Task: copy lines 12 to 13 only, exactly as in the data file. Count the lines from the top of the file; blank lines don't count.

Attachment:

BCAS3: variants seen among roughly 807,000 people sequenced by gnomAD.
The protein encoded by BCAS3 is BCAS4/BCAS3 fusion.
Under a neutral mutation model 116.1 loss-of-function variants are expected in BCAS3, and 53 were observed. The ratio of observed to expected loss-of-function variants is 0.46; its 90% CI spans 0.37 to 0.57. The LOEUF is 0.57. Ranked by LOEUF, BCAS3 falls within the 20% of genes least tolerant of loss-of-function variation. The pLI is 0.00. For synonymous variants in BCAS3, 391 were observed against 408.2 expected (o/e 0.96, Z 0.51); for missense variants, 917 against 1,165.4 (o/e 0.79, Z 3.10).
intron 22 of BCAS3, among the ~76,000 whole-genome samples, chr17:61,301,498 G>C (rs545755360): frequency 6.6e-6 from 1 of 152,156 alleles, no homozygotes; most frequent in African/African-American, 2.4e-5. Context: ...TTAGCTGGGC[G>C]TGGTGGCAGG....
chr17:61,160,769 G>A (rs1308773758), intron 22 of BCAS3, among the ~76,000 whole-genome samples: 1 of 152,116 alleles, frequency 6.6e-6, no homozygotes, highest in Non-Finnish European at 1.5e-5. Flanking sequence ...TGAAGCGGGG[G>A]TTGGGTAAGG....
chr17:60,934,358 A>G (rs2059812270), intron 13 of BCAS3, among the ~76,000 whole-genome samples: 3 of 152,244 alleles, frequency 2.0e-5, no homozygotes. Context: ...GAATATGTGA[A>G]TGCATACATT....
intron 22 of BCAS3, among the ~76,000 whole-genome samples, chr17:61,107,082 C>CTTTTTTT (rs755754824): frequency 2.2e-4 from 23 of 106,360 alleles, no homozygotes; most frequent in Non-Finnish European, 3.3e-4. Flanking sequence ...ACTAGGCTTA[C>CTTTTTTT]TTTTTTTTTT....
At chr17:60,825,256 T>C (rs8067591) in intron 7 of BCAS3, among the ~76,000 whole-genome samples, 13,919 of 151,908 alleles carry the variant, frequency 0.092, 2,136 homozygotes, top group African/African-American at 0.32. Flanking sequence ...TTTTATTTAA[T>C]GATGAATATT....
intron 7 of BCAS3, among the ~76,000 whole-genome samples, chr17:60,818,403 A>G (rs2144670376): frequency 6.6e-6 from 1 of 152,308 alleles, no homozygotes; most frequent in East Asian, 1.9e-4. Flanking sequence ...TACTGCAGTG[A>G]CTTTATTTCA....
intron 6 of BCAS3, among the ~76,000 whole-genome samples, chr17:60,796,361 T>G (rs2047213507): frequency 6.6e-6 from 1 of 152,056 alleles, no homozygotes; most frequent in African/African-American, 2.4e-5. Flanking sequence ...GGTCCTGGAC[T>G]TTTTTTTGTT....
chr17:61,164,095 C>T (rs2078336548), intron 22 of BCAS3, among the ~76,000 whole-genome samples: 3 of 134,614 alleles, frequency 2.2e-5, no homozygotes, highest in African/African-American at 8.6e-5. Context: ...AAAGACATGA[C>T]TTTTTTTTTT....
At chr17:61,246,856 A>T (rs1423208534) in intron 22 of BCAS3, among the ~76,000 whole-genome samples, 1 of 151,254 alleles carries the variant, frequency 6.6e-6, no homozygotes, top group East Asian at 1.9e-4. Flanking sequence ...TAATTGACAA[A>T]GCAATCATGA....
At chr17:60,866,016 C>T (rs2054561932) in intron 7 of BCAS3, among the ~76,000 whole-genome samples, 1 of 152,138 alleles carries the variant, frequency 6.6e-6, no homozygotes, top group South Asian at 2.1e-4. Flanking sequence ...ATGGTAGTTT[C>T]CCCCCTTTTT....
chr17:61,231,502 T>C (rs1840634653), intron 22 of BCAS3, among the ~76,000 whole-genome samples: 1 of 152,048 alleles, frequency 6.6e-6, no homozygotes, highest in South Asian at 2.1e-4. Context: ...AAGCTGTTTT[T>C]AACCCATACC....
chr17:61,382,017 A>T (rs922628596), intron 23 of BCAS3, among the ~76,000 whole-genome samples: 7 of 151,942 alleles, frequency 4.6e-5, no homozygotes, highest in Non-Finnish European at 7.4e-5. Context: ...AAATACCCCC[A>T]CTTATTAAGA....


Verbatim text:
At chr17:61,246,856 A>T (rs1423208534) in intron 22 of BCAS3, among the ~76,000 whole-genome samples, 1 of 151,254 alleles carries the variant, frequency 6.6e-6, no homozygotes, top group East Asian at 1.9e-4. Flanking sequence ...TAATTGACAA[A>T]GCAATCATGA....
At chr17:60,866,016 C>T (rs2054561932) in intron 7 of BCAS3, among the ~76,000 whole-genome samples, 1 of 152,138 alleles carries the variant, frequency 6.6e-6, no homozygotes, top group South Asian at 2.1e-4. Flanking sequence ...ATGGTAGTTT[C>T]CCCCCTTTTT....